QC mayor Bautista admits to aides: My brother Hero failed drug test
In a closed-door meeting with department heads on Wednesday, an “emotional” Quezon City Mayor Herbert Bautista admitted that his brother, Hero, was the councilor who tested positive for marijuana and “shabu” (methamphetamine hydrochloride).
Sources present in the meeting told the Inquirer on Thursday that Bautista’s voice “cracked” when he made the announcement, ending days of speculation on who among the 36 city councilors came up positive in voluntary drug tests conducted at city hall last week.
It remained unclear what sanctions would be imposed on Hero, who was elected councilor of the fourth district in the May polls.
One of the sources, who spoke on condition of anonymity for lack of authority to speak on the matter, said Bautista vowed to have his brother undergo “drug and spiritual counseling.”
Another added that the mayor had said he would not use his influence to get Hero out of his predicament.
The Inquirer tried to reach Bautista for comment but was told by his staff that he would not speak on the matter for now.
Hero’s staff, on the other hand, said the councilor would deliver a privilege speech before the city council to air his side on Monday.
Earlier this week, Bautista told reporters who were pressing him on the councilor’s identity that he had yet to see the official report on the drug tests.
“I really don’t know [who the councilor is],” he said, stressing that the person concerned should voluntarily undergo rehabilitation.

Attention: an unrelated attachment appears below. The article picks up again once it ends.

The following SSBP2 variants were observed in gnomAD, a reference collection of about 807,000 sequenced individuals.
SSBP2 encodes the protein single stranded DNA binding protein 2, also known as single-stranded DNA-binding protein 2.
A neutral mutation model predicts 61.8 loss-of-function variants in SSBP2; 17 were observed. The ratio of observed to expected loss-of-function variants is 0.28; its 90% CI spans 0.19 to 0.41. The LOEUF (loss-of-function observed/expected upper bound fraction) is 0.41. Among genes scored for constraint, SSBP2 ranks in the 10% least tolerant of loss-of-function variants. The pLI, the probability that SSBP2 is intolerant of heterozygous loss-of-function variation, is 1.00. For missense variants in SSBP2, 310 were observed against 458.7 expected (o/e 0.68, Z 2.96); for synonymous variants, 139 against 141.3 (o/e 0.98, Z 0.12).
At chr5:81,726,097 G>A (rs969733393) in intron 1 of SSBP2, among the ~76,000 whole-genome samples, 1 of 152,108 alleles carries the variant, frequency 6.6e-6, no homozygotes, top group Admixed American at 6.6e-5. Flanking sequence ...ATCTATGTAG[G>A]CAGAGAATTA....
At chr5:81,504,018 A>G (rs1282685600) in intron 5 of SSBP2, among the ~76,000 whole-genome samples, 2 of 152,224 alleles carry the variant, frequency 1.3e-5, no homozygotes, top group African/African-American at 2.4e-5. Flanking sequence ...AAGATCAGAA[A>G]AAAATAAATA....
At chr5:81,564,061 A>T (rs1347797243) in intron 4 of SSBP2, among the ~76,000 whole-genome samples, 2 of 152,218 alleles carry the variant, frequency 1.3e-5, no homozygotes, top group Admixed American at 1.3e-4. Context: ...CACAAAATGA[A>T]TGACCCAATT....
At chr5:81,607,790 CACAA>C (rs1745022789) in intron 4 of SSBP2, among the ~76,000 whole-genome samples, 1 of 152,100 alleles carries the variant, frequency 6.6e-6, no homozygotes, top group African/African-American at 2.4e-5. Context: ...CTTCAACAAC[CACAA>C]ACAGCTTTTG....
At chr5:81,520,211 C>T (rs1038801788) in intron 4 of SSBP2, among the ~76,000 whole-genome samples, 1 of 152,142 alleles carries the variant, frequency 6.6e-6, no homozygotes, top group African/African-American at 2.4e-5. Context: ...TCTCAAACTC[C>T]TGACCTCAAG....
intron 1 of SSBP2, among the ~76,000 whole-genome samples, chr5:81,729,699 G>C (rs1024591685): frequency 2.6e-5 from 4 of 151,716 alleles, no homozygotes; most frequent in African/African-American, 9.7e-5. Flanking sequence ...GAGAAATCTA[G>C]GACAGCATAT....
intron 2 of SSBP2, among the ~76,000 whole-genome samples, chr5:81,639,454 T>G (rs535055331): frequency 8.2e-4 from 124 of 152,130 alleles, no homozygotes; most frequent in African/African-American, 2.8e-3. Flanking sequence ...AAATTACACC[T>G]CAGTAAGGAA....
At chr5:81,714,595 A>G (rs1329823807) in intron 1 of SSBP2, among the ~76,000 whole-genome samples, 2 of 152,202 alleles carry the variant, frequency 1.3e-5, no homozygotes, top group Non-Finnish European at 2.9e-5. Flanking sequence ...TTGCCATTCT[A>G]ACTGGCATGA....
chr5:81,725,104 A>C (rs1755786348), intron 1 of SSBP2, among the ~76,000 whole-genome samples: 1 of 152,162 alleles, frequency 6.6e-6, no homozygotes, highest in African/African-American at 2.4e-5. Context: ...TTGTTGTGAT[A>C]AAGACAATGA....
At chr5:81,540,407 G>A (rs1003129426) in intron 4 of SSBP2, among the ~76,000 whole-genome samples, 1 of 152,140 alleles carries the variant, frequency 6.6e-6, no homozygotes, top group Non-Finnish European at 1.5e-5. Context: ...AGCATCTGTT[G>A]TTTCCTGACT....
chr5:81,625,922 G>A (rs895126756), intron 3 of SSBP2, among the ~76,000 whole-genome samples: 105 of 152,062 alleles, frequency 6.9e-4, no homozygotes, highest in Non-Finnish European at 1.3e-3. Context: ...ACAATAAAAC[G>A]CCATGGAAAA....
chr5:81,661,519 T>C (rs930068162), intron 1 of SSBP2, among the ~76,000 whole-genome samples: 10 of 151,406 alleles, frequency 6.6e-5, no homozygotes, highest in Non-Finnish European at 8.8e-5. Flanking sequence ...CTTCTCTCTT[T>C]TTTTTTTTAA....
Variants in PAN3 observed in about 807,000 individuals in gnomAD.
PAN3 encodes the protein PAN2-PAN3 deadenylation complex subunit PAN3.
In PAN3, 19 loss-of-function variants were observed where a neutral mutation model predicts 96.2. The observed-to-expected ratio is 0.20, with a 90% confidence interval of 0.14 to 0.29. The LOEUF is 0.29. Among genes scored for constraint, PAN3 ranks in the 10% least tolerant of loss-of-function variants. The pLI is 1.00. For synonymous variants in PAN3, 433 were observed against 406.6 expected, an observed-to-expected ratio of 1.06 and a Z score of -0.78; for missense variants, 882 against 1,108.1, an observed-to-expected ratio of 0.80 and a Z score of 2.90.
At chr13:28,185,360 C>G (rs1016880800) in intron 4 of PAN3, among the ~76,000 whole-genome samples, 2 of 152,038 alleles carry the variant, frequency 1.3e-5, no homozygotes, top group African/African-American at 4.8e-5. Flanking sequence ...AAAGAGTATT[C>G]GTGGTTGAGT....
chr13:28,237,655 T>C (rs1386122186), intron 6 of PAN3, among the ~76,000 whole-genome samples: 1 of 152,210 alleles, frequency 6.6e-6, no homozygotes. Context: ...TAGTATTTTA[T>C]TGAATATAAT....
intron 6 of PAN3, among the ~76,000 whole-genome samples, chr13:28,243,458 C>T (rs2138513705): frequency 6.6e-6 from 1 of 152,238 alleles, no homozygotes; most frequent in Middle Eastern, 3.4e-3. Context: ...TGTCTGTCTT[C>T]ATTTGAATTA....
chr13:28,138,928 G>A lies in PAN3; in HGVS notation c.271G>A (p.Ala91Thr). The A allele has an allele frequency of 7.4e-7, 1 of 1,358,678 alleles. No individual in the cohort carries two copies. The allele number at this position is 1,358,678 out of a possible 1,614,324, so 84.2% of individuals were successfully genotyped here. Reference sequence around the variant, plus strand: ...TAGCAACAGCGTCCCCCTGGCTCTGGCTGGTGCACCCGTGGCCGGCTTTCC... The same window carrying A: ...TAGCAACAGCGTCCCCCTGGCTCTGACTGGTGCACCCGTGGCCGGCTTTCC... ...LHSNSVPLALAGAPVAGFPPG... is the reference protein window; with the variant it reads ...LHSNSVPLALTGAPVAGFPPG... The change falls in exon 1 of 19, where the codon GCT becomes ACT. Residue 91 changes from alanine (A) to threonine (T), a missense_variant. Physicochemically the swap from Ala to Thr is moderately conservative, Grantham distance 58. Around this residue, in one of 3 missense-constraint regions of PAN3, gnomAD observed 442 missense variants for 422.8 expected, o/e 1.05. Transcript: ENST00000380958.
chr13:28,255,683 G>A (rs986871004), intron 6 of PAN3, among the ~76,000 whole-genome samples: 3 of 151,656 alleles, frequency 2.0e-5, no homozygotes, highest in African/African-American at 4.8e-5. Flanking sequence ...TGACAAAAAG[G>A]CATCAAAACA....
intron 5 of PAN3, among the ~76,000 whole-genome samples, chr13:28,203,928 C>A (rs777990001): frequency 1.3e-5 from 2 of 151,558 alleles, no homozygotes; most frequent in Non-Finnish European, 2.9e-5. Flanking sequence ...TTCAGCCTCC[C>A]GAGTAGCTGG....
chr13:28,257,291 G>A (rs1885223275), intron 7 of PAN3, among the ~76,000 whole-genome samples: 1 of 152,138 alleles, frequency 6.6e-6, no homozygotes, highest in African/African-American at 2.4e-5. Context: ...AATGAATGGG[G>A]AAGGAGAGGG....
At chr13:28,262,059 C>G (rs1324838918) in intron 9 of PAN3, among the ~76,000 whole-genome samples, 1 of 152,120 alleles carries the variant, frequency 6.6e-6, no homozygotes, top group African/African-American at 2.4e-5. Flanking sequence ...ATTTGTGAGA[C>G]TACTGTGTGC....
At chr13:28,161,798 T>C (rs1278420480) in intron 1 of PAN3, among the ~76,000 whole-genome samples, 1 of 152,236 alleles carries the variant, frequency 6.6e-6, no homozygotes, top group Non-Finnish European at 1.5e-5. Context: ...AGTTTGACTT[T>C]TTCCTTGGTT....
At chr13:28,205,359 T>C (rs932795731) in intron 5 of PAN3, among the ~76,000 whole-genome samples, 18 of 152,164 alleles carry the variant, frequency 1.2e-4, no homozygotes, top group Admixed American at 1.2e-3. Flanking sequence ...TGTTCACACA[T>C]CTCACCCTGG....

“If he’s my sibling, he should be rehabilitated,” he added, prompting reporters to ask why he had to mention his brother.
Bautista replied: “He has just been elected councilor. Maybe it’s him, we do not know.”
Vice Mayor Joy Belmonte, who announced last week that one of the councilors’ confirmatory drug test results had come back positive, said that Bautista already knew who it was as early as Thursday last week.
She added that it was up to him to decide what sanction he would impose on the official whom they tagged a “victim” of the drug menace.
Under Quezon City’s drug-free workplace ordinance, those who test positive for drugs will be required to undergo “guidance counseling” (for occasional users) and a “mandatory six-month treatment and rehabilitation program” in a government-run facility (for chronic users).
It was unclear if this would mean Hero’s suspension or dismissal.
Sought for comment, Senior Supt. Guillermo Eleazar, the Quezon City Police District director, said that if it was indeed Hero who had tested positive, they would leave it up to the City Anti-Drug Abuse Council to deal with him based on civil service regulations, pointing out that they did not consider him a drug suspect. TVJ
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